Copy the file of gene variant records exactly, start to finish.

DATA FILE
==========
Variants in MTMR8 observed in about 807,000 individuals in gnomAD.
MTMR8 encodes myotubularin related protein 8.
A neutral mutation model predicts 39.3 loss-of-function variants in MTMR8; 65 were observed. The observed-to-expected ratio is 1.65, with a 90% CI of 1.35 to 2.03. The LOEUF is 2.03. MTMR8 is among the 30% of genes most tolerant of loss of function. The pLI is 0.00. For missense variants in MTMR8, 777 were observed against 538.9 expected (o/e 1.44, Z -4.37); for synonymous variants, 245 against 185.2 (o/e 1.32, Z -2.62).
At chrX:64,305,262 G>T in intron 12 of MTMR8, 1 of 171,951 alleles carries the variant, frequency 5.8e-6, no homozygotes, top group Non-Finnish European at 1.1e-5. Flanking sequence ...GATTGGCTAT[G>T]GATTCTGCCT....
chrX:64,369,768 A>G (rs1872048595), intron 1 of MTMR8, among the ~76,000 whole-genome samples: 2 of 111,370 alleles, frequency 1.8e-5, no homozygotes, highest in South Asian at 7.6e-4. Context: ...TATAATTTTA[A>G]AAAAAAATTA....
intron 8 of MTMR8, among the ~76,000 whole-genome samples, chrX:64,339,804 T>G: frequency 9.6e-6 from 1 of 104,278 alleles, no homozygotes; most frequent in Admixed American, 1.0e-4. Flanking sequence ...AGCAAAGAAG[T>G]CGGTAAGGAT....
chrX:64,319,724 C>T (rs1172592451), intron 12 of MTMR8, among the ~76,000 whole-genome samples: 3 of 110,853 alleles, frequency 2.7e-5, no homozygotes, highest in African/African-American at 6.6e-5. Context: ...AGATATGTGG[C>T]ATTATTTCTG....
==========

Variants in MTMR8 observed in about 807,000 individuals in gnomAD.
MTMR8 encodes myotubularin related protein 8.
A neutral mutation model predicts 39.3 loss-of-function variants in MTMR8; 65 were observed. The observed-to-expected ratio is 1.65, with a 90% CI of 1.35 to 2.03. The LOEUF is 2.03. MTMR8 is among the 30% of genes most tolerant of loss of function. The pLI is 0.00. For missense variants in MTMR8, 777 were observed against 538.9 expected (o/e 1.44, Z -4.37); for synonymous variants, 245 against 185.2 (o/e 1.32, Z -2.62).
At chrX:64,305,262 G>T in intron 12 of MTMR8, 1 of 171,951 alleles carries the variant, frequency 5.8e-6, no homozygotes, top group Non-Finnish European at 1.1e-5. Flanking sequence ...GATTGGCTAT[G>T]GATTCTGCCT....
chrX:64,369,768 A>G (rs1872048595), intron 1 of MTMR8, among the ~76,000 whole-genome samples: 2 of 111,370 alleles, frequency 1.8e-5, no homozygotes, highest in South Asian at 7.6e-4. Context: ...TATAATTTTA[A>G]AAAAAAATTA....
intron 8 of MTMR8, among the ~76,000 whole-genome samples, chrX:64,339,804 T>G: frequency 9.6e-6 from 1 of 104,278 alleles, no homozygotes; most frequent in Admixed American, 1.0e-4. Flanking sequence ...AGCAAAGAAG[T>G]CGGTAAGGAT....
chrX:64,319,724 C>T (rs1172592451), intron 12 of MTMR8, among the ~76,000 whole-genome samples: 3 of 110,853 alleles, frequency 2.7e-5, no homozygotes, highest in African/African-American at 6.6e-5. Context: ...AGATATGTGG[C>T]ATTATTTCTG....